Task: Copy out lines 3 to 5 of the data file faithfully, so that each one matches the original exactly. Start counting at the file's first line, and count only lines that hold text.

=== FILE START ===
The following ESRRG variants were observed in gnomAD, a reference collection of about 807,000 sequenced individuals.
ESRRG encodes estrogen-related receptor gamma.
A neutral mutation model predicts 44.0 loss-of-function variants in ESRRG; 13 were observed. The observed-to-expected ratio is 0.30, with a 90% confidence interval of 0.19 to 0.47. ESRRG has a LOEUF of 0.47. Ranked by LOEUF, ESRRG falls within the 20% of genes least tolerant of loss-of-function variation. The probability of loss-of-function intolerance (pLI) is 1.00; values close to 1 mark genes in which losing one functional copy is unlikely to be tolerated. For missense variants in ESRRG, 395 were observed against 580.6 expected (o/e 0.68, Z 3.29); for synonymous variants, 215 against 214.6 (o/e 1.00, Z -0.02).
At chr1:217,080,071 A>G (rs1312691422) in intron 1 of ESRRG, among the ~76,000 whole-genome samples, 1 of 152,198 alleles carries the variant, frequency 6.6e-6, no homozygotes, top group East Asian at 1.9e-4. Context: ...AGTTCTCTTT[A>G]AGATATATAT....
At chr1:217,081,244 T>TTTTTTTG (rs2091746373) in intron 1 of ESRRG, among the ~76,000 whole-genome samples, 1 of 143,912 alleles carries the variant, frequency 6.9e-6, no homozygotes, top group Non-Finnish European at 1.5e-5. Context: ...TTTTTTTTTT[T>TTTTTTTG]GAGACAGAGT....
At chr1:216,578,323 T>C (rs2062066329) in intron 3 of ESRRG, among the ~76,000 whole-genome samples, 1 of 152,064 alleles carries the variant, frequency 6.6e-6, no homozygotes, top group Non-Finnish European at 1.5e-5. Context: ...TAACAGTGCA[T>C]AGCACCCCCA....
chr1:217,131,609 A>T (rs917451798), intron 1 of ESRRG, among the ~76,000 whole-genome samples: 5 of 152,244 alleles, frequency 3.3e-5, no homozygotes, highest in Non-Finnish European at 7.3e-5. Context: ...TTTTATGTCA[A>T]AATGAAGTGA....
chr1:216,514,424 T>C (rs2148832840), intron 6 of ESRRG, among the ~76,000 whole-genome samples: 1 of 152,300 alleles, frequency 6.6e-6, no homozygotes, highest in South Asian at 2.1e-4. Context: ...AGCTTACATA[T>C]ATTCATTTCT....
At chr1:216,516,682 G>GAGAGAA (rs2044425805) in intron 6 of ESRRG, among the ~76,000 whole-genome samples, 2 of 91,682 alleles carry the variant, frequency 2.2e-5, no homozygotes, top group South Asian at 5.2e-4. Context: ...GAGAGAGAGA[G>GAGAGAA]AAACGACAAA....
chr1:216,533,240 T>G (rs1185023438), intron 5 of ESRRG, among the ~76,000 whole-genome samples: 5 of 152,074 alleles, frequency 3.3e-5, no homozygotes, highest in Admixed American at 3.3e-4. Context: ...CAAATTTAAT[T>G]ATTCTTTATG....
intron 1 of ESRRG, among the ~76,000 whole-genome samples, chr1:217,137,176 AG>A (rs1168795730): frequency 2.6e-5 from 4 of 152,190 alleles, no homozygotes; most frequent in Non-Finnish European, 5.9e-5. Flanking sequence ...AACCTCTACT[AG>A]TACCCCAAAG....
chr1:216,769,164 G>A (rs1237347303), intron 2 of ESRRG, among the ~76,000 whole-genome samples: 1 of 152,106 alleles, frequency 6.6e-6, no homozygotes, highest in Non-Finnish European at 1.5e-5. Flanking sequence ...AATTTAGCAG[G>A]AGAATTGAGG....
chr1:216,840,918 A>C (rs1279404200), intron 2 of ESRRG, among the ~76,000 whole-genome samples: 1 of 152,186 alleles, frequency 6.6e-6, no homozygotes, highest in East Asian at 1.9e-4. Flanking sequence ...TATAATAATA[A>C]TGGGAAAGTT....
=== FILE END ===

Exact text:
A neutral mutation model predicts 44.0 loss-of-function variants in ESRRG; 13 were observed. The observed-to-expected ratio is 0.30, with a 90% confidence interval of 0.19 to 0.47. ESRRG has a LOEUF of 0.47. Ranked by LOEUF, ESRRG falls within the 20% of genes least tolerant of loss-of-function variation. The probability of loss-of-function intolerance (pLI) is 1.00; values close to 1 mark genes in which losing one functional copy is unlikely to be tolerated. For missense variants in ESRRG, 395 were observed against 580.6 expected (o/e 0.68, Z 3.29); for synonymous variants, 215 against 214.6 (o/e 1.00, Z -0.02).
At chr1:217,080,071 A>G (rs1312691422) in intron 1 of ESRRG, among the ~76,000 whole-genome samples, 1 of 152,198 alleles carries the variant, frequency 6.6e-6, no homozygotes, top group East Asian at 1.9e-4. Context: ...AGTTCTCTTT[A>G]AGATATATAT....
At chr1:217,081,244 T>TTTTTTTG (rs2091746373) in intron 1 of ESRRG, among the ~76,000 whole-genome samples, 1 of 143,912 alleles carries the variant, frequency 6.9e-6, no homozygotes, top group Non-Finnish European at 1.5e-5. Context: ...TTTTTTTTTT[T>TTTTTTTG]GAGACAGAGT....